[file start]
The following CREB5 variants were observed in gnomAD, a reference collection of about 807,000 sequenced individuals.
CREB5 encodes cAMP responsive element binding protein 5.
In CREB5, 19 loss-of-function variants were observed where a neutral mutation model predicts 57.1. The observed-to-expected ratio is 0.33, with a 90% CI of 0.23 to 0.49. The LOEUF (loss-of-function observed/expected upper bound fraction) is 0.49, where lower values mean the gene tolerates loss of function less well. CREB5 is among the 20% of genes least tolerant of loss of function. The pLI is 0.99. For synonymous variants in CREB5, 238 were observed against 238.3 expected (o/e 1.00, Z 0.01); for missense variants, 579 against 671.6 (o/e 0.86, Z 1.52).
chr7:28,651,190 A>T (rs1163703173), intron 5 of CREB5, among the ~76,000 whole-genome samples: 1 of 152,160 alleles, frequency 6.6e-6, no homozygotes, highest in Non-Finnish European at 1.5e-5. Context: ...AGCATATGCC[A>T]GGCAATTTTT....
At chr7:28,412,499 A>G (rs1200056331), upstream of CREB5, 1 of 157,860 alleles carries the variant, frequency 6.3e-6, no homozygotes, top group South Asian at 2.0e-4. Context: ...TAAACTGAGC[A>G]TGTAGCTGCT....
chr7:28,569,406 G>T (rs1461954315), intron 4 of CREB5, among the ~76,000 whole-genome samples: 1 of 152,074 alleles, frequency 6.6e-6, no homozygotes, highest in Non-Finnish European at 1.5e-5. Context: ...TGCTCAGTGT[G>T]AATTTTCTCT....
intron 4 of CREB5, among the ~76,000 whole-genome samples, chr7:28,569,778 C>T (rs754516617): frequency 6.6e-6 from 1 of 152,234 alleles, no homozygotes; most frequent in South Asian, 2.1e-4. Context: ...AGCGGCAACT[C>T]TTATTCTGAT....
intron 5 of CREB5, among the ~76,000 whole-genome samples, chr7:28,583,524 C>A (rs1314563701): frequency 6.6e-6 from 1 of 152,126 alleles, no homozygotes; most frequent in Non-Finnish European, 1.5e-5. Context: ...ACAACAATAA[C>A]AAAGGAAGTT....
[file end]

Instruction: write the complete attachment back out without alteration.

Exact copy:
The following CREB5 variants were observed in gnomAD, a reference collection of about 807,000 sequenced individuals.
CREB5 encodes cAMP responsive element binding protein 5.
In CREB5, 19 loss-of-function variants were observed where a neutral mutation model predicts 57.1. The observed-to-expected ratio is 0.33, with a 90% CI of 0.23 to 0.49. The LOEUF (loss-of-function observed/expected upper bound fraction) is 0.49, where lower values mean the gene tolerates loss of function less well. CREB5 is among the 20% of genes least tolerant of loss of function. The pLI is 0.99. For synonymous variants in CREB5, 238 were observed against 238.3 expected (o/e 1.00, Z 0.01); for missense variants, 579 against 671.6 (o/e 0.86, Z 1.52).
chr7:28,651,190 A>T (rs1163703173), intron 5 of CREB5, among the ~76,000 whole-genome samples: 1 of 152,160 alleles, frequency 6.6e-6, no homozygotes, highest in Non-Finnish European at 1.5e-5. Context: ...AGCATATGCC[A>T]GGCAATTTTT....
At chr7:28,412,499 A>G (rs1200056331), upstream of CREB5, 1 of 157,860 alleles carries the variant, frequency 6.3e-6, no homozygotes, top group South Asian at 2.0e-4. Context: ...TAAACTGAGC[A>G]TGTAGCTGCT....
chr7:28,569,406 G>T (rs1461954315), intron 4 of CREB5, among the ~76,000 whole-genome samples: 1 of 152,074 alleles, frequency 6.6e-6, no homozygotes, highest in Non-Finnish European at 1.5e-5. Context: ...TGCTCAGTGT[G>T]AATTTTCTCT....
intron 4 of CREB5, among the ~76,000 whole-genome samples, chr7:28,569,778 C>T (rs754516617): frequency 6.6e-6 from 1 of 152,234 alleles, no homozygotes; most frequent in South Asian, 2.1e-4. Context: ...AGCGGCAACT[C>T]TTATTCTGAT....
intron 5 of CREB5, among the ~76,000 whole-genome samples, chr7:28,583,524 C>A (rs1314563701): frequency 6.6e-6 from 1 of 152,126 alleles, no homozygotes; most frequent in Non-Finnish European, 1.5e-5. Context: ...ACAACAATAA[C>A]AAAGGAAGTT....